As a federal government contractor, subject to Executive Order 11246, the Rehabilitation Act and the Vietnam Era Veterans’ Readjustment Assistance Act, Oracle is contractually obligated not to discriminate in employment on the basis of certain protected characteristics, which include race, color, religion, sex, sexual orientation, gender identity, national origin, disability, and status as a protected veteran. In addition, Oracle is required to take affirmative action to ensure that applicants and employees are afforded employment opportunities without regard to these protected characteristics. As part of its contracts with the federal government, Oracle also agrees to allow the OFCCP to inspect its employment records to ensure the company’s compliance with its non-discrimination and affirmative action obligations.

The lawsuit seeks to redress violations of Executive Order 11246 stemming from the tech giant’s alleged “systemic compensation discrimination” against qualified women, Asians and African Americans employed in Information Technology, Product Development and Support positions (encompassing 80 job titles), and its “pattern and practice of hiring discrimination” against qualified White, Hispanic and African American applicants in favor of Asian applicants, namely Asian Indians, in the Professional Technical 1, Individual Contributor and the Product Development job groups (involving 69 job titles). The OFCCP specifically alleged that there were “gross disparities in pay” and “[statistically] significant overrepresentation” of Asians in the applicant pools and affected positions. In making its findings, the OFCCP indicated that Oracle refused to produce prior year compensation data and complete hiring data, and further refused to produce documentation demonstrating that it had performed “an in-depth review of its compensation practices” and that it had analyzed its applicant-hiring data for adverse impact.

Having found discrimination, the OFCCP issued a Notice of Violations, and three months later a Notice to Show Cause seeking an explanation for why the agency should not initiate enforcement proceedings. Seven months later, after conciliation efforts failed, the OFCCP instituted the instant action. While only Oracle and the OFCCP know what was discussed and debated in an attempt to bring about a resolution, clearly the OFCCP was not satisfied with Oracle’s explanations justifying the pay disparities and hiring practices, nor pleased with the company’s refusal to produce the additional compensation and hiring data requested. As a result, the OFCCP is seeking a decision finding that Oracle’s compensation and hiring practices violated Executive Order 11246, and an order permanently enjoining the company from failing and refusing to comply with its obligations, cancelling its federal government contracts, debarring it from entering into future contracts until remedying its prior noncompliance, and requiring it “to provide complete relief to the affected classes, including lost compensation, interest and all other benefits of employment resulting from Oracle’s discrimination.” Simply put, there are millions of dollars at stake.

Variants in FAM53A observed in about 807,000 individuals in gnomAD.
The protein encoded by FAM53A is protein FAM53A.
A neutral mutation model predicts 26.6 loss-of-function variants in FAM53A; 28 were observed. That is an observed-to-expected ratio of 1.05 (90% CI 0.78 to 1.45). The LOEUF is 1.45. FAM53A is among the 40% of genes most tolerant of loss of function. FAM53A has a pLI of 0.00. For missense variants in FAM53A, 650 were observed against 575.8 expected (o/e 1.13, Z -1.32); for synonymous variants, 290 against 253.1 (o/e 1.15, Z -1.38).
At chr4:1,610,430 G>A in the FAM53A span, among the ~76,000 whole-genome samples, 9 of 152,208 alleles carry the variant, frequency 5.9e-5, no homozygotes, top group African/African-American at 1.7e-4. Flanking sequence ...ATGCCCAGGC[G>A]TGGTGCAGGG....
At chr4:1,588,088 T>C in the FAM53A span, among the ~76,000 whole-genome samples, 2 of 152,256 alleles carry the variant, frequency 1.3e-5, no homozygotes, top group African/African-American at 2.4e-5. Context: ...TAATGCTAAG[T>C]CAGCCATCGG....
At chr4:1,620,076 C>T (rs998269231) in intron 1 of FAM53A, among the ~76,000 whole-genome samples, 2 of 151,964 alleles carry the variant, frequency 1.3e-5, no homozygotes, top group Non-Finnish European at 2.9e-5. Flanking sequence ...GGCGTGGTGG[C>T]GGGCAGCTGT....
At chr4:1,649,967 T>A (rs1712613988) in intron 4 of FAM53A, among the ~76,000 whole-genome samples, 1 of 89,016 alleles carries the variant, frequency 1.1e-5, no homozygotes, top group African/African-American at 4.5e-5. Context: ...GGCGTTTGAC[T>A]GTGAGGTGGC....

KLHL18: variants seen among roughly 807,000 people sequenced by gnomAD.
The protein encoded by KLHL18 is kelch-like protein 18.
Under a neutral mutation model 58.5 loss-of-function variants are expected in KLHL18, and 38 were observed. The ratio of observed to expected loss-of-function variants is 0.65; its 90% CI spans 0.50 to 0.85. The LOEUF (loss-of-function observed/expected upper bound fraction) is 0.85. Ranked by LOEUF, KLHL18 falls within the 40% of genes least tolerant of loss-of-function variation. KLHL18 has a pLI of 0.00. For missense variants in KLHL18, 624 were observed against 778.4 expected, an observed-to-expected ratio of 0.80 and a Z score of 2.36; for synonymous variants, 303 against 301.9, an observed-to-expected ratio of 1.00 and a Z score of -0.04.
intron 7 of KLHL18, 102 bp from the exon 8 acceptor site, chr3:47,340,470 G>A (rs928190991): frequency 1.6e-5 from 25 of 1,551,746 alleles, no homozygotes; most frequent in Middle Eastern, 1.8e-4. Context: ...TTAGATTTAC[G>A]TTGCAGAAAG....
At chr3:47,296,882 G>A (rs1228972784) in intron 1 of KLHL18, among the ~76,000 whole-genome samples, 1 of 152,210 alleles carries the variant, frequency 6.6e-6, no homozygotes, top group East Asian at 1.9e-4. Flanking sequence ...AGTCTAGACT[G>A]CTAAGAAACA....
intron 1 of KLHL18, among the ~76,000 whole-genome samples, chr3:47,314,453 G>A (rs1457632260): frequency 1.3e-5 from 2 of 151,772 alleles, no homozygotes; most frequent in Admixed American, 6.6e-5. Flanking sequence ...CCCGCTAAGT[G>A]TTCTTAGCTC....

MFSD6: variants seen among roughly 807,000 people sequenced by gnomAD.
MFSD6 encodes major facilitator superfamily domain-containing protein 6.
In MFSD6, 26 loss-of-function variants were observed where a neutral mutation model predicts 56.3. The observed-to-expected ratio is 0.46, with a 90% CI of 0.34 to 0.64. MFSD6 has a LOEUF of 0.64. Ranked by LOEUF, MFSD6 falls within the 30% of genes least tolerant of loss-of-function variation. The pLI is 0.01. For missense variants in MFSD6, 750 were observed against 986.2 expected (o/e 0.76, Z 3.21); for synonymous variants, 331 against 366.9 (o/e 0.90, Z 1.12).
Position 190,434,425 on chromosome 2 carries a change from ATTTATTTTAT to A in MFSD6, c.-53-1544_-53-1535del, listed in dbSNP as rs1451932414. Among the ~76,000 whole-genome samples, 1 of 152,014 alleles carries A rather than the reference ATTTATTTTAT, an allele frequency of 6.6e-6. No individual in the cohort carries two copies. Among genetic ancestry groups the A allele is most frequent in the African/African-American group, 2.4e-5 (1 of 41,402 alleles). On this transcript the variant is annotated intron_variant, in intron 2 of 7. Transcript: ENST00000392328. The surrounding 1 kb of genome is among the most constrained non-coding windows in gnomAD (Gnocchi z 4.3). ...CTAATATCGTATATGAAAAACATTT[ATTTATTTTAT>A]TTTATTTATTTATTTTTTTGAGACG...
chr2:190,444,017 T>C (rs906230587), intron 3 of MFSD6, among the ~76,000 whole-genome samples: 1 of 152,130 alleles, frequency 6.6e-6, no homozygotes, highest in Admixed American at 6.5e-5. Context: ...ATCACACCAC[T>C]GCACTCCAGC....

Action Steps Employers Should Take Now

While it is still unclear what agenda the Trump Administration will expect the OFCCP to follow, so long as the status quo remains, federal government contractors should take heed. The OFCCP clearly intends to send a message with this and other lawsuits recently filed. Contractors should therefore be proactive to ensure that their compensation practices are not causing significant pay disparities that cannot be justified. They also need to ensure that their hiring practices are such that they are considering a diverse slate of candidates drawn from well-balanced recruiting pools and making hiring decisions without regard to gender, race and ethnicity. Both can be accomplished by contractors engaging counsel to conduct self-audits to ensure that they are in compliance and meeting all of their non-discrimination/affirmative action obligations as a federal government contractor. If such action is not taken, then they may face the same level of scrutiny and consequences as Oracle.